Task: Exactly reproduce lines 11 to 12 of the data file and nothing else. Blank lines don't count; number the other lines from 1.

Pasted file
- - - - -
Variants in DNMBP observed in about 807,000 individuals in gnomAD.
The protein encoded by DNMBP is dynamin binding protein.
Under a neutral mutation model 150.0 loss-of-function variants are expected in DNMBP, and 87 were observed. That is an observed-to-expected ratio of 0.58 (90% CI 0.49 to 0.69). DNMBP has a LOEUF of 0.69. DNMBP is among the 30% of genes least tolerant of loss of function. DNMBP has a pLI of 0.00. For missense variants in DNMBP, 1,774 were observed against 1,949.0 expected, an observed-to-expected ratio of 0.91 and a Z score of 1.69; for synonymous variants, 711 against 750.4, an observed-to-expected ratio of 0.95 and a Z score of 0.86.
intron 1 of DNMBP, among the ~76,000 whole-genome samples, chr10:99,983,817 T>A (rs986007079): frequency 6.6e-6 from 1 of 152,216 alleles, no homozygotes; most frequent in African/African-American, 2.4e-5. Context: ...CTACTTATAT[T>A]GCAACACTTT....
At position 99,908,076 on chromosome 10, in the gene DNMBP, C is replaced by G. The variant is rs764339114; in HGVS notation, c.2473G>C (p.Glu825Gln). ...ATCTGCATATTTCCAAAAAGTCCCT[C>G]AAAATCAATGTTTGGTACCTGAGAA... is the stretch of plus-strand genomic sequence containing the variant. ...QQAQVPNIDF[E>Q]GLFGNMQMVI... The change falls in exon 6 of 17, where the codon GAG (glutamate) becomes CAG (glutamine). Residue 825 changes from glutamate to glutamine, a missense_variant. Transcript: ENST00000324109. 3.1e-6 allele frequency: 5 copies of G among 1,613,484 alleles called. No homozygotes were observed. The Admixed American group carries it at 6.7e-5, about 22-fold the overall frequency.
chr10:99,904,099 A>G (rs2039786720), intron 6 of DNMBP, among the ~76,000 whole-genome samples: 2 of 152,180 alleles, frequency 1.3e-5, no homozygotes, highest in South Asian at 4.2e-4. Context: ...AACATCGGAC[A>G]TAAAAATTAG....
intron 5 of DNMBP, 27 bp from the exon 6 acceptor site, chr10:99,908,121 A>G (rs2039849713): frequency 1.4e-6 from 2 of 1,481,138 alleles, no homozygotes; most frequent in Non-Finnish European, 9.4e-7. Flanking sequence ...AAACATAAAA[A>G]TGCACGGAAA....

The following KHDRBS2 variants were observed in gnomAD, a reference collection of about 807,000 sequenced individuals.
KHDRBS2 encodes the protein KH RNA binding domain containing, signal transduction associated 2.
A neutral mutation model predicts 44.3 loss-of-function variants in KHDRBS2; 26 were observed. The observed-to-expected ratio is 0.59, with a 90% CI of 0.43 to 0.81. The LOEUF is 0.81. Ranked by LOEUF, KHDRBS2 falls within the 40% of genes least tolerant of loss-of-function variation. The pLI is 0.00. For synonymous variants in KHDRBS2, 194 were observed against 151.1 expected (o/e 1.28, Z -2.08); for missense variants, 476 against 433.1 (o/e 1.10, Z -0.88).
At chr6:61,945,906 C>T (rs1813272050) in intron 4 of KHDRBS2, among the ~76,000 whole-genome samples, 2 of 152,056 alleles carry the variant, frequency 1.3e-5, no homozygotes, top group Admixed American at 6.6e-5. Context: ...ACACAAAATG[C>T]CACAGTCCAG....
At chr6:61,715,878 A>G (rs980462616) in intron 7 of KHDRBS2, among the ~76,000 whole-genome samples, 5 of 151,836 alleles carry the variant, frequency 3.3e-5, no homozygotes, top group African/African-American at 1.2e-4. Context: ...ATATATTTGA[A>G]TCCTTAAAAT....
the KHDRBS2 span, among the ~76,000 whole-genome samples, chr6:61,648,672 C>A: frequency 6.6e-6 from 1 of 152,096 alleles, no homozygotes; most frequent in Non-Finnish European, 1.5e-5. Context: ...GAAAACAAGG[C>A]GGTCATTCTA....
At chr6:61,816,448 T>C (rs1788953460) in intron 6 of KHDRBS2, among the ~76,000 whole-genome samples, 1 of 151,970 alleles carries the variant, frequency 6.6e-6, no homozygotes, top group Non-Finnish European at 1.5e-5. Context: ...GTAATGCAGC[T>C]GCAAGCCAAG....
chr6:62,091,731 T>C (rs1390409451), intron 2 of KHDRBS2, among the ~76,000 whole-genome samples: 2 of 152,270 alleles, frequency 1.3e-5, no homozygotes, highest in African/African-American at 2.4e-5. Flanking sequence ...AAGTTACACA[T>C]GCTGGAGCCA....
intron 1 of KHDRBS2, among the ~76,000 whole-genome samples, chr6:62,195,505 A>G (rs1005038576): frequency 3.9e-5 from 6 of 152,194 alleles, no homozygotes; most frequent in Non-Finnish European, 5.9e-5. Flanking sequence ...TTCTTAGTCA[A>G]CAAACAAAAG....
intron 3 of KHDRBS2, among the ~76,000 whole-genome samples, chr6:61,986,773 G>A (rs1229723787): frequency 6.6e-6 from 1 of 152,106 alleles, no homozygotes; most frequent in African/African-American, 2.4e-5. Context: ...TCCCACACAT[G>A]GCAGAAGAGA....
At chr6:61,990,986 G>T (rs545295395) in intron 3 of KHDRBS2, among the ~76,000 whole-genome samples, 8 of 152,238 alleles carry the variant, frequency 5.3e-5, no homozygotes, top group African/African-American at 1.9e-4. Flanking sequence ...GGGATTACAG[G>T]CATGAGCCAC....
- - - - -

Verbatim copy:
At chr6:61,945,906 C>T (rs1813272050) in intron 4 of KHDRBS2, among the ~76,000 whole-genome samples, 2 of 152,056 alleles carry the variant, frequency 1.3e-5, no homozygotes, top group Admixed American at 6.6e-5. Context: ...ACACAAAATG[C>T]CACAGTCCAG....
At chr6:61,715,878 A>G (rs980462616) in intron 7 of KHDRBS2, among the ~76,000 whole-genome samples, 5 of 151,836 alleles carry the variant, frequency 3.3e-5, no homozygotes, top group African/African-American at 1.2e-4. Context: ...ATATATTTGA[A>G]TCCTTAAAAT....